No shrinking violet (nor Treehorn), Princess Hyacinth yearns to play outside—but she'll float away! There's no particular reason, but indoors she wafts upwards until the ceiling blocks her, and outdoors, the sky's the limit. A wonderfully expressive illustration of Hyacinth dragging through the castle halls in her gravity-ensuring extra-heavy crown shows her pouting mouth (no eyes—they're buried under the crown) and her huge, downtrodden shadow on the wall. Smith's elegantly cartoonish brush-and-ink character survives an exhilarating scare involving a kite, a rescue and a newly formed friendship. Heide's prose takes off just when Hyacinth does: "She whirled and she twirled, she swooshed and she swirled…." When Hyacinth soars free in a vast pink sky, her figure is tiny and three balloons follow behind, creating a scene of breezy adventure that also feels delicate. Oil-paint backgrounds (shafts of light; antique-hued balloons; soft animal topiary) glow behind the pointy-nosed, active characters. Molly Leach's clever design shows the word "up" repeatedly rising, and one sentence levitates partially off the page—naturally. (Picture book. 4-7)Read full book review >
Released: July 7, 2009

Well-known for now-classic works such as The Stinky Cheese Man and newer titles like John, Paul, George & Ben (2006), Smith has to stretch to fulfill his fans' outsized expectations. While the "big elephant" really is big (he practically fills the living room), his story doesn't quite reach the creative heights readers will be anticipating. Essentially this is the tale of two donkey friends (though one really is a bit of an ass). When asked by his friend about the (unseen) big elephant, the narrator runs through a litany of misunderstandings, missteps and outright unkindnesses that he believes his friend might be referring to. Frenetic illustrations in muted neutrals show the various situations, clearly meant to be hilariously reprehensible but mostly appearing mean-spirited instead. The ultimate joke, on readers as well as the narrator, is that the opening question was literal. The revelation of the (real) big elephant is amusing but not enough to save this one-note story, the joke of which will have to be explained to many a child. Ardent fans won't mind—but this could have been better. (Picture book. 4-8) Read full book review >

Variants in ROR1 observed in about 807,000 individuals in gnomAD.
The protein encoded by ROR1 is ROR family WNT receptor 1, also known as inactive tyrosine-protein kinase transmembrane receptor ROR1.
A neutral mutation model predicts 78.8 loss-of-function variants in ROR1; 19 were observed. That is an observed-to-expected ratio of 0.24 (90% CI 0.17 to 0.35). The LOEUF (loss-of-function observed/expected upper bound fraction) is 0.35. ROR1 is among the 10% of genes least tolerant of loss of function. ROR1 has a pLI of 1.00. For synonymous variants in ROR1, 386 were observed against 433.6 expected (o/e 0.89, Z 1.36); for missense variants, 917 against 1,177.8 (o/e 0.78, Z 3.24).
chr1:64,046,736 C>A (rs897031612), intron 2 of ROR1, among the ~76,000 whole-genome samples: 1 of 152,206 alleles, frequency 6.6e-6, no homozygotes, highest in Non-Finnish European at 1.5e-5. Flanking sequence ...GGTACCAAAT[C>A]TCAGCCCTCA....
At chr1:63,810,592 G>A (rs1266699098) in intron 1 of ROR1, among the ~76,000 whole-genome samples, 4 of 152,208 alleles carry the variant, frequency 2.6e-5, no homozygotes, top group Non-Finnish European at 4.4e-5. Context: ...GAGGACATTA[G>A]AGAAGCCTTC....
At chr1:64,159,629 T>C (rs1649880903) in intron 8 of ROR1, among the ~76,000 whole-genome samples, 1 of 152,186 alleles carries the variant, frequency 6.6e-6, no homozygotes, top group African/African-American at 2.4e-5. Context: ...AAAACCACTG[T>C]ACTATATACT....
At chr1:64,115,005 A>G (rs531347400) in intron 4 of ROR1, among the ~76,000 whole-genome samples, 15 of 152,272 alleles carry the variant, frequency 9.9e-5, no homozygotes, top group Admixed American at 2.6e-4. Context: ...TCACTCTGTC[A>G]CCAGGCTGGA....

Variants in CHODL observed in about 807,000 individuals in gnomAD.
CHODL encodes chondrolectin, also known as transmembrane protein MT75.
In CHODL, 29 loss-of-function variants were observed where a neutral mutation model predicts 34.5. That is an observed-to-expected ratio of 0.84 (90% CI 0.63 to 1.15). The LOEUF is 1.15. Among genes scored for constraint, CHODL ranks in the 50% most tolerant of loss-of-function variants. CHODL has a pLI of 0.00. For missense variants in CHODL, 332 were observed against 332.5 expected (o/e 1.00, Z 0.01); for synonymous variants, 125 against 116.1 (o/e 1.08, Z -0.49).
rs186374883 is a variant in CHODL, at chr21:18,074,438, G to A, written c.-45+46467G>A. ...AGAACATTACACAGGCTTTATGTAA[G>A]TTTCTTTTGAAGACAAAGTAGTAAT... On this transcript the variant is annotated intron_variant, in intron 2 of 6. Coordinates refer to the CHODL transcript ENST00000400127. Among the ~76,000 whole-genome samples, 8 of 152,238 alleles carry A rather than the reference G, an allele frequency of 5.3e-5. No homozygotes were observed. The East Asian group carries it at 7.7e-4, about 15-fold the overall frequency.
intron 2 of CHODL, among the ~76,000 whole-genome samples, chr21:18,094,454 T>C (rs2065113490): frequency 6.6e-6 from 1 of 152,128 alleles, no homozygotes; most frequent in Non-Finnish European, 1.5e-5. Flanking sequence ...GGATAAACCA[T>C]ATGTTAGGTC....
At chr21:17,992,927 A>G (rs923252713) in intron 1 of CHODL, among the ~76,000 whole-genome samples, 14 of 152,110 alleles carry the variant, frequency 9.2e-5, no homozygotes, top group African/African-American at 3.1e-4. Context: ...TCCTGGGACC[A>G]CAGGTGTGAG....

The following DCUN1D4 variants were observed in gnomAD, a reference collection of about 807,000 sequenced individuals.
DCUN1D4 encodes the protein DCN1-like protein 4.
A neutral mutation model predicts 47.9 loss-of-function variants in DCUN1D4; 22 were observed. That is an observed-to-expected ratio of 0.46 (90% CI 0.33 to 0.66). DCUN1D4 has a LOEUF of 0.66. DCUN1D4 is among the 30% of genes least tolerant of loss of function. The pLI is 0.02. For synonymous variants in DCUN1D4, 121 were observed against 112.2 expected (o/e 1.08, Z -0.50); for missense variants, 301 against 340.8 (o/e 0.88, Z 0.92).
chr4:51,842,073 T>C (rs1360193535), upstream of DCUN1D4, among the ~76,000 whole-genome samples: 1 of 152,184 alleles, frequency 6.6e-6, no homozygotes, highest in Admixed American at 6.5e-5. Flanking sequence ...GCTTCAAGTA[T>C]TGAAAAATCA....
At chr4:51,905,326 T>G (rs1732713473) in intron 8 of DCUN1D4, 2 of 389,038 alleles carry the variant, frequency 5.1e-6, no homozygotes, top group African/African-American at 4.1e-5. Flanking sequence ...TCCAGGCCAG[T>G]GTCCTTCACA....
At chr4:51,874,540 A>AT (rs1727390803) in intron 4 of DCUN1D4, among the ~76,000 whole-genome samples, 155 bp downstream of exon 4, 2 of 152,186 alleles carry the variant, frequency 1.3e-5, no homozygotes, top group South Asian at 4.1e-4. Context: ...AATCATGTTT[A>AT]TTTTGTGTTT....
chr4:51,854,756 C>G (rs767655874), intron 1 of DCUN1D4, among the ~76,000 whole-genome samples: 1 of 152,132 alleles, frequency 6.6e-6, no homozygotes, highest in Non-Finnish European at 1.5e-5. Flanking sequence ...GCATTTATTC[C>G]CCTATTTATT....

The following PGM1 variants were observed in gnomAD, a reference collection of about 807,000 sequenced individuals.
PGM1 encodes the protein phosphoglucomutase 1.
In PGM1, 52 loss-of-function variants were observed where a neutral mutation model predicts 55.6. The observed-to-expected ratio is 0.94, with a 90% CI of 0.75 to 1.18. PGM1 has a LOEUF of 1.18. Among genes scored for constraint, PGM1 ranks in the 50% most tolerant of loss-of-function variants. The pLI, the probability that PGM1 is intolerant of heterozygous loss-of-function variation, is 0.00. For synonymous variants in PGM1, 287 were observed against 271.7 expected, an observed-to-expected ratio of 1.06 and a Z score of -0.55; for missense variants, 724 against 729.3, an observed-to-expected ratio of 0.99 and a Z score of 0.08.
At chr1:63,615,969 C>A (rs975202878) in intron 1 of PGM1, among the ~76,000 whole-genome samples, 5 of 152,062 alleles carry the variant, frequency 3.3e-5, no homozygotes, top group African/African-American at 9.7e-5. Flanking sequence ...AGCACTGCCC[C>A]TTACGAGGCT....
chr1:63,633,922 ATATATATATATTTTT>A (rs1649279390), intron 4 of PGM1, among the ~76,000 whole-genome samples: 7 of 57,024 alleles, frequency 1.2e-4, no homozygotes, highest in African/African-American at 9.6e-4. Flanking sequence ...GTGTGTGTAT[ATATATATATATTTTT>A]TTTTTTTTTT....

Released: July 29, 2008

A deadpan text outlines a president's extensive duties, while Madam—a ponytailed girl in a snappy pin-striped pantsuit—trips through an exhausting day, bestowing small American flags as she goes. Smith's illustrations combine cartoonish figures, mod interiors and stylized landscapes a-swirl with fall leaves. A whimsical double-page spread proclaiming "A president must choose a capable cabinet" pairs toys with their official titles: Mr. Potato Head is Secretary of Agriculture, for instance, and a winged unicorn is "Secretary of Fantasy." Such retro elements as a deck of Old Maid cards and a Ruth Buzzi button will tickle adults, as might a Duck Soup-derived reference to "[t]he ambassador of Freedonia." Children can squint at the spines of Madam Prez's library (which leans to American history) and spot scores of visuals signaling her obsession (presidential busts, a pet cat doubling as a Secret Service agent). Though the Oval Office here is no more than a messy bedroom, this funny romp lightly delivers a hefty message for today's girls: The White House is yours for the taking. (Picture book. 4-8)Read full book review >